Tang Heng walked very, very slowly to the door. He felt the urge for a cigarette and patted around his pocket before remembering that he’d given the pack of Zhonghua to Li Yuechi. At that time, he’d even cheered inside that Li Yuechi accepted his cigarettes—this meant that he, at least, didn’t hate him, right? But thinking back now, Li Yuechi probably just saw him as a dog. Like throwing a frisbee. The first time, he threw it three meters away and the dog brought it back with a wagging tail. The second time, he threw it five meters away and the dog still happily ran over and back. The third time… The third time, the dog actually ran to his house in the middle of the night. He was annoyed and told the dog to fuck off.
If only he had a cigarette. If he didn’t, then vortioxetine worked too. The psychiatrist in the UK had told him, Don’t think that taking vortioxetine is embarrassing. It’s comforting you. It’s not fighting against your memory. But Tang Heng had always hated the dizzy sleepiness after taking the medicine. His consciousness would grow muddled, as if his memories were only whispers from a past life.
But right now, he actually wanted two vortioxetine pills. Since he didn’t have any, then—Tang Heng raised his fist at the wall. The snow-white wall looked like a patch of clean, soft snow. He knew how it felt to have his fists slam against it. For a few seconds, his entire arm would be numb from pain, but those precious few seconds could make him forget most of the thoughts tormenting him. Of course, if one punch wasn’t enough, he could have a second punch, a third punch, until—
The door opened. Manager Qi came out.
It was Sun Jihao’s room.
“Oh, Teacher Tang?” Manager Qi’s eyes widened as if he’d seen a ghost. “You…”
Tang Heng lowered his arms. “I couldn’t sleep, so I’m taking a walk.”
“You have insomnia?”
“Is your air conditioning broken too?” Manager Qi chuckled. “Sun-laoshi’s air conditioning broke three or four times tonight. It’s really… is yours working like normal?”
“It works.” Tang Heng squinted. “Thanks for your hard work.”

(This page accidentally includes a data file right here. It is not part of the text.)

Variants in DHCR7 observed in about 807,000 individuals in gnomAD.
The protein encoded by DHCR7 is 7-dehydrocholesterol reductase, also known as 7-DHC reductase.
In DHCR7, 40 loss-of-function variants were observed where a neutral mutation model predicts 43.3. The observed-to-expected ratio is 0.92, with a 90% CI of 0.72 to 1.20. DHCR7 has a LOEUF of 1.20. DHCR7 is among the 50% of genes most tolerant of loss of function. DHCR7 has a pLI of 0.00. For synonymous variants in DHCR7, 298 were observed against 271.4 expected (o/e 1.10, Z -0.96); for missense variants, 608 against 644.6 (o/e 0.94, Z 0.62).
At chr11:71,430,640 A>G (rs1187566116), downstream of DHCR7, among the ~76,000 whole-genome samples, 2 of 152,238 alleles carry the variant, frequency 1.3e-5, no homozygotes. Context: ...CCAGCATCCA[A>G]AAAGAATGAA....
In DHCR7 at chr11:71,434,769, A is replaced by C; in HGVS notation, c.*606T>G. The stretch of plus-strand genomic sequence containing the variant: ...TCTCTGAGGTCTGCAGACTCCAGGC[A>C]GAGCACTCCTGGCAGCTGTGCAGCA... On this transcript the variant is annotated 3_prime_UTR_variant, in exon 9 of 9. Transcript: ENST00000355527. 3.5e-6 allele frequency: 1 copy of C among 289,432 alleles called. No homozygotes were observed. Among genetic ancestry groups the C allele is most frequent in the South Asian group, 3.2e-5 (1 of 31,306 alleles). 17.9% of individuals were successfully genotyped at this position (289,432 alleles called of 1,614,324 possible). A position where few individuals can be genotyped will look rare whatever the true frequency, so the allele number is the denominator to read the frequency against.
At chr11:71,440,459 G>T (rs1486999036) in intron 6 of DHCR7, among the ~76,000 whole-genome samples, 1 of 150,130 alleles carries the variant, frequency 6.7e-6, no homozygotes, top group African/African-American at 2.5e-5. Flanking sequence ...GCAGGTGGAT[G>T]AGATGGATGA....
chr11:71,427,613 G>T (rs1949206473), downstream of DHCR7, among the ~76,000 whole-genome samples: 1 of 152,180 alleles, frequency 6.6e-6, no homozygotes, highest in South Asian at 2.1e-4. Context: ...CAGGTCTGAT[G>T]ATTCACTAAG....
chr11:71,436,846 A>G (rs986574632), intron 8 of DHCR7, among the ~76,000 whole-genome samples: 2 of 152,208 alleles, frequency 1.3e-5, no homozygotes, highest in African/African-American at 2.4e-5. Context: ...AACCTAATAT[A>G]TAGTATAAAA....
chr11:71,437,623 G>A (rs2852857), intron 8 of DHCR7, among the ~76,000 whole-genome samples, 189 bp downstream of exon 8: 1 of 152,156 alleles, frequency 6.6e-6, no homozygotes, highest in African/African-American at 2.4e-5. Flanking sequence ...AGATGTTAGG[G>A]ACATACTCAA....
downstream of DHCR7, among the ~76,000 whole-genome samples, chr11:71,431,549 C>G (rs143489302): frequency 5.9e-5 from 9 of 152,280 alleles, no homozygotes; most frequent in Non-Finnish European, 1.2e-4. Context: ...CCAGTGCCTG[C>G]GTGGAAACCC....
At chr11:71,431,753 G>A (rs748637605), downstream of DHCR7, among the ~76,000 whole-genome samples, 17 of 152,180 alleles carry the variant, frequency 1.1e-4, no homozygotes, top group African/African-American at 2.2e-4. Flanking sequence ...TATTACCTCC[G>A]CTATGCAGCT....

“It’s nothing. Call me if you need anything.”
“Did you fix the air conditioning?”
“Nah.” Manager Qi laughed helplessly and said, “I’ll have someone come over to fix it tomorrow. I can’t do it.”
“We don’t actually need air conditioning with this temperature.”
“Haha, it’s humid around here…”
The next morning, Tang Heng and Lu Yue stood in the corridor, sunbathing after breakfast. Tang Heng always called Lu Yue “shijie” because she was his uncle’s PhD student, and Sun Jihao was his shixiong.
“You didn’t sleep well last night?” Lu Yue looked at him. “You have heavy dark circles.”
“I’m fine. Shijie, how about you?” Tang Heng asked. “Do you like the food?”
“I feel like you lost weight. How about we switch?” Tang Heng lowered his voice. “Partnered with Director Xu, it’s probably you doing all the work, right?”
Lu Yue touched her face and laughed. “Losing weight is good. Plus, according to the rule, Jihao and I can’t be partners.”
“Couples need to stay away.”
“Oh, because no one would report him if he accepts bribes.”
“Mn, yes—” Lu Yue chuckled again. “So, you have to watch over him.”
“I’ll go to the car now.” Lu Yue started off but then turned around and said, “Jihao loves drinking. Shidi, you have to keep an eye on him for me.”
Tang Heng shook his head. “Shijie, he doesn’t listen to me,” he said slowly.
Lu Yue shrugged. “Then, let him drink.”
Author’s note: please follow the doctor’s prescription for taking medicine.